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The Boston Phoenix Latin Soul

Mongo and Pucho

By Wayne Robins

SEPTEMBER 11, 2000:  From Ricky Ricardo to Ricky Martin, from Carmen Miranda to Carlos Santana, Americans have always had a jones for Latin music. The recent elegies for the revered Tito Puente may have served as a reminder that for decades Latin music has been a sturdy, reliable, and accepted part of American musical culture.

It's no surprise that Mongo Santamaria once worked with Tito Puente. Everyone who is anyone in Latin music did -- at least anyone on the New York-San Juan connection. What's as interesting is that Mongo was, in the 1950s, the conga player for Cal Tjader, and the two of them set the standard for what might be called Latin soul that's unmatched to this day.

Born and raised in Cuba, Mongo first came to prominence as a solo artist in 1963, when he rocked the charts with "Watermelon Man," Herbie Hancock's greatest composition, for a small indie label. Two years later, he re-recorded it for Columbia, along with a slew of what were then considered pop-compromise albums, Mongo-ized versions of the hits of the day.

But as those of us who dug the neglected Mongo on Symphony Sid's radio show in New York in the mid '60s know, this was great stuff. With the brilliant arranger Marty Sheller, and a steady band that included flute majordomo Hubert Laws, horn players like Bobby Capers and Sonny Fortune, and drummer Bernard Purdie, Mongo not only covered pop and soul tunes, he rewrote them. On the recently released Mongo Santamaria's Greatest Hits (Columbia Legacy), you'll see titles of familiar soul hits from the '60s: "Cloud Nine," "Twenty-Five Miles," "Green Onions," even "(Sittin' on the) Dock of the Bay." And you may assume that what you'll hear is schlock.

Wrongo! Producer David Rubinson and arranger Sheller have reconstructed every riff in Mongo time. "Cloud Nine" is a tease: it starts with the riff that Norman Whitfield gave to his breakthrough production with the Temptations. And it keeps going, and going, and going, a vamp like a santeria chant, Mongo's congas front and center, until a few reeds break the tension. "Dock of the Bay" requires a little less bravado but a lot more finesse: Laws, on flute, doesn't mimic Otis Redding's melody but puts his own spin on it.

Although Columbia was happy to have Mongo jingling the cash register with this excellently underrated stuff, it never released the roots album that really let him roam free. Afro-American Latin, which is also part of the new Columbia/Legacy series, is that album, and it's wondrous. But you can see why the label was shy about putting out a record that opens with a 10-minute instrumental called "Obatala" that sounds like a furiously played and very welcoming invitation to paganism.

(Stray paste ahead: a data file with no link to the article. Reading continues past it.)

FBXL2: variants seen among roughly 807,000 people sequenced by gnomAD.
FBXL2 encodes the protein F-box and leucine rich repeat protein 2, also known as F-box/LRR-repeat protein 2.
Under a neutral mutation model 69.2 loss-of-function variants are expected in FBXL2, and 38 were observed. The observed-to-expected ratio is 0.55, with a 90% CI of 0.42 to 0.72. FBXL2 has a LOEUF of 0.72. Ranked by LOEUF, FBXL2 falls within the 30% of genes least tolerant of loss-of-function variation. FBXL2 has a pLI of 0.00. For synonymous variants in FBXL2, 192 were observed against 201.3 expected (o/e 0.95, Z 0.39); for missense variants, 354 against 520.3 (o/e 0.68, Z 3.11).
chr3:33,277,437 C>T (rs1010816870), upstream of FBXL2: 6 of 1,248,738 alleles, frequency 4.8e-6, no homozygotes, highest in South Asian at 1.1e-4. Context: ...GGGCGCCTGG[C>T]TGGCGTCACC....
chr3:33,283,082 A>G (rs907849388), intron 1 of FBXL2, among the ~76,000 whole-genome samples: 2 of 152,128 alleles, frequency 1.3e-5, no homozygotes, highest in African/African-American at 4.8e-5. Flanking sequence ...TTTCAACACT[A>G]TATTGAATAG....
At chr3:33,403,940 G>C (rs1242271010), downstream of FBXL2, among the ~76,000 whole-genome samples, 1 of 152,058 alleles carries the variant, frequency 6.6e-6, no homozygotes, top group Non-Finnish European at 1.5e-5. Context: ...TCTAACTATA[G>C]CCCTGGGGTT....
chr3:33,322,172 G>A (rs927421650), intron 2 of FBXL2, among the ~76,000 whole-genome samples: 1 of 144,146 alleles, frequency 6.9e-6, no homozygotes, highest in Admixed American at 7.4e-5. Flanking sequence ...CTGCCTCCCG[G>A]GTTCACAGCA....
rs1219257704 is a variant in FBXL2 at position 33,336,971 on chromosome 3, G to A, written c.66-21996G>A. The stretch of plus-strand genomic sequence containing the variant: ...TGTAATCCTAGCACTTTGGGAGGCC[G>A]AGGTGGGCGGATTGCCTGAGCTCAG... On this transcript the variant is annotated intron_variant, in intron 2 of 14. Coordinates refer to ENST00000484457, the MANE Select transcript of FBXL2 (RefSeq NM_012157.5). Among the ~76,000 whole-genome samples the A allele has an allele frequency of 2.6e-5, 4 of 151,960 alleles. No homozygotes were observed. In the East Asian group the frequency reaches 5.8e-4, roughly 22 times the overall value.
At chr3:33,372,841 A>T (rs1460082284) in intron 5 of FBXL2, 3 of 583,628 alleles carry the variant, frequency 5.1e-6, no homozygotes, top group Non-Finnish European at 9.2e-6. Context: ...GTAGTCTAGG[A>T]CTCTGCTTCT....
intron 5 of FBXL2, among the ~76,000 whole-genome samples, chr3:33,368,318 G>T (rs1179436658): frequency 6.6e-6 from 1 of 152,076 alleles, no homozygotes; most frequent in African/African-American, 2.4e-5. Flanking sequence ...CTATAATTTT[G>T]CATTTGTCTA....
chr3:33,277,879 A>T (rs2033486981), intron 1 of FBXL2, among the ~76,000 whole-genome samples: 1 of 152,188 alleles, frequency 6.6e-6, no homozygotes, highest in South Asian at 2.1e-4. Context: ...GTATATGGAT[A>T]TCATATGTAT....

Rubinson again was the producer. He had also produced Santana and Moby Grape, among many others, for what was then CBS Records, and I guess that gave him the courage (that and probably a piece of the publishing) to have Mongo record the Grape's hippie anthem "Naked If I Want To." (Rubinson must still have some publishing, since there is a studio version and a bonus live version on Afro-American Latin.) But there's no taking away from it: from the boogaloo groove of "Mama Papa Tu" to the pure salsa moves of "Mi Reina Guajira," this should've been out there in 1968 or 1969, to take Latin soul to its next level.

Instead, Latin soul fans had to tolerate the likes of Pucho and his Latin Soul Brothers, whose Cold Shoulder (Prestige) is another recent re-release. Although they had the right name, they were a few matches short of a torch of being really soulful. They might have sounded great at the Cheetah Off Broadway when Symphony Sid was giving out free tickets, but something about Pucho -- who's still out there (he played the House of Blues not long ago) -- always seemed a little slow.

Like Mongo, he covered familiar R&B hits of the time. Mongo did not sing. Pucho, unfortunately, does, and he does no worse than Wayne Newton might have confronting Ray Charles's "I Can't Stop Loving You." The same ridiculous fate befalls "Georgia on My Mind" (especially the "G-E-O-R-G-I-A" chant, as if Pucho had confused "Georgia" with "Gloria"). The bottom falls out when Pucho too attempts "Cloud Nine," which might as well be "Cloud 99" -- it comes up so short of Mongo's rendition that you worry about raindrops falling on Pucho's head.

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